The Annual Storm Recovery of Minnesota Begins

stormThe Brainerd area took a big hit from a storm recently, and its effects highlight the real need for everyone to remain vigilant against the kind of damage such events can inflict. Now efforts are underway to assess the damage wrought, and estimate the length of the repairs needed to restore the areas hit the hardest.

Storm Statistics

Several Minnesota storm damage repair specialists are working together to expedite the restoration process in a smooth and efficient manner. Most of the areas that sustained damage are properties that were near heavily wooded areas such as camping grounds and resorts. This is terrible timing at the height of vacation season.

The eight-mile long and three-mile wide swath of the storm blew 70-mile/hour winds through the heart of Lake Country, dropping more than two inches of rain. Most of the damage came from the winds though, as it knocked down as many as a hundred power poles, and around two hundred trees.

Authorities approximate that around 8000 homes were left without power when the storm was at its strongest. Removing fallen trees from roads is proving to become difficult as it hampers the arrival of additional assistance from getting to the affected areas.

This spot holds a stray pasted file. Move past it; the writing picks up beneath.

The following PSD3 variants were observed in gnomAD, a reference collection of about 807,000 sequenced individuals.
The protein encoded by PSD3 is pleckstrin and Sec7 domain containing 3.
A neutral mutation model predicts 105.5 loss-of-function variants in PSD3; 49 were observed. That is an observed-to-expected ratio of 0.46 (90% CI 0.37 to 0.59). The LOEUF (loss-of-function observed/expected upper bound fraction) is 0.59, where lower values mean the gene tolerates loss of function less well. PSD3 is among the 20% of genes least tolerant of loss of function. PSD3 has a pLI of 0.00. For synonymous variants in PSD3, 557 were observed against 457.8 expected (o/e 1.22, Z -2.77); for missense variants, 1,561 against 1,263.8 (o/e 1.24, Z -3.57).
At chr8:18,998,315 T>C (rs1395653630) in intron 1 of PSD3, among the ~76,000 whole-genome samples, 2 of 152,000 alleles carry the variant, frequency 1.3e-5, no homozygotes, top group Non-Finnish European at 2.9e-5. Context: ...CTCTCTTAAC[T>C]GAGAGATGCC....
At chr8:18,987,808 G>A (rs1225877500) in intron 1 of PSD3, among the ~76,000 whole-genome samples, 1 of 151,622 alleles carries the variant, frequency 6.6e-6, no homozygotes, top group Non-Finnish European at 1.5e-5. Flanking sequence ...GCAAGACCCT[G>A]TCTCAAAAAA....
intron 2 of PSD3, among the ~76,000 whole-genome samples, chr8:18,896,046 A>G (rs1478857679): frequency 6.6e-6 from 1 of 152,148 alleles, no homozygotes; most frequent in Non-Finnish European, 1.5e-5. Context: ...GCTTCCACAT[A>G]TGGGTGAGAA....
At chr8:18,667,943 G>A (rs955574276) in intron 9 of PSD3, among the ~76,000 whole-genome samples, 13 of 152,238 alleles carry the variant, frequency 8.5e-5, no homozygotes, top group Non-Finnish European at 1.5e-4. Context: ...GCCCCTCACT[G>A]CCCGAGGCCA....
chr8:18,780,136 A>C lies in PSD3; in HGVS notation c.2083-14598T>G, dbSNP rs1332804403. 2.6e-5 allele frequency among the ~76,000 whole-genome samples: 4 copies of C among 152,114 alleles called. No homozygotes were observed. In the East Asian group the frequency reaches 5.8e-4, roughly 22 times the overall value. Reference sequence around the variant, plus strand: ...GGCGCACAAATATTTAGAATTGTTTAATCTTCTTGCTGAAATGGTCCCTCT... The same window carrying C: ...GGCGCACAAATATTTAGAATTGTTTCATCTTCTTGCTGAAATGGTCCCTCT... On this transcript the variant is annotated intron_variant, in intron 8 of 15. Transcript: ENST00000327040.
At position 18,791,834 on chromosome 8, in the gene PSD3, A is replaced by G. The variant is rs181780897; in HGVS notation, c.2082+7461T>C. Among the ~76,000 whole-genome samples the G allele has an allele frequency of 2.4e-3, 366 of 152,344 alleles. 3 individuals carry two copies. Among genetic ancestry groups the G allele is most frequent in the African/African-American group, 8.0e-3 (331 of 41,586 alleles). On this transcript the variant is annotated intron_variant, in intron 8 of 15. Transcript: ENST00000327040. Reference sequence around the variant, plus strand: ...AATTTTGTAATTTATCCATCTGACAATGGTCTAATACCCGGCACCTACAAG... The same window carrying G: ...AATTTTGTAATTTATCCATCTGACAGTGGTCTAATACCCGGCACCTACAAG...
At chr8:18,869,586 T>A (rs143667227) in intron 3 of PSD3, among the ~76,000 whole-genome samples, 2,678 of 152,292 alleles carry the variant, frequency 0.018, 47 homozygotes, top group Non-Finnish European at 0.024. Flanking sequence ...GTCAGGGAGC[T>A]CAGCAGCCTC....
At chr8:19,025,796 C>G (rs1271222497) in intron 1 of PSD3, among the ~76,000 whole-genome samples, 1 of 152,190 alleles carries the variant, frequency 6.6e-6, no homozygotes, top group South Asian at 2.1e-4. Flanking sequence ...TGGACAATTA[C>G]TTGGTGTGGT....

Storm After the Storm

The severity of the storm wasn’t uncommon as local residents estimate that they get one or two storms of similar intensity on average. The strength of this particular storm was within the neighborhood of a weak tornado. Some people would consider all this information to be irrelevant, as they would rather focus on repair efforts. But, it is quite significant because of one issue – insurance.

Insurance companies are very particular regarding the cause of the damage inflicted on the properties they cover. Contract terms are very discerning between water and wind damage. The difference will become a very important issue in the coming months as residents try to grapple with their contracts for coverage.

Preparing and recovering from a storm is a long process that doesn’t end with the completion of repairs. It’s an annual test in endurance against a literal force of nature that people will need to contend with.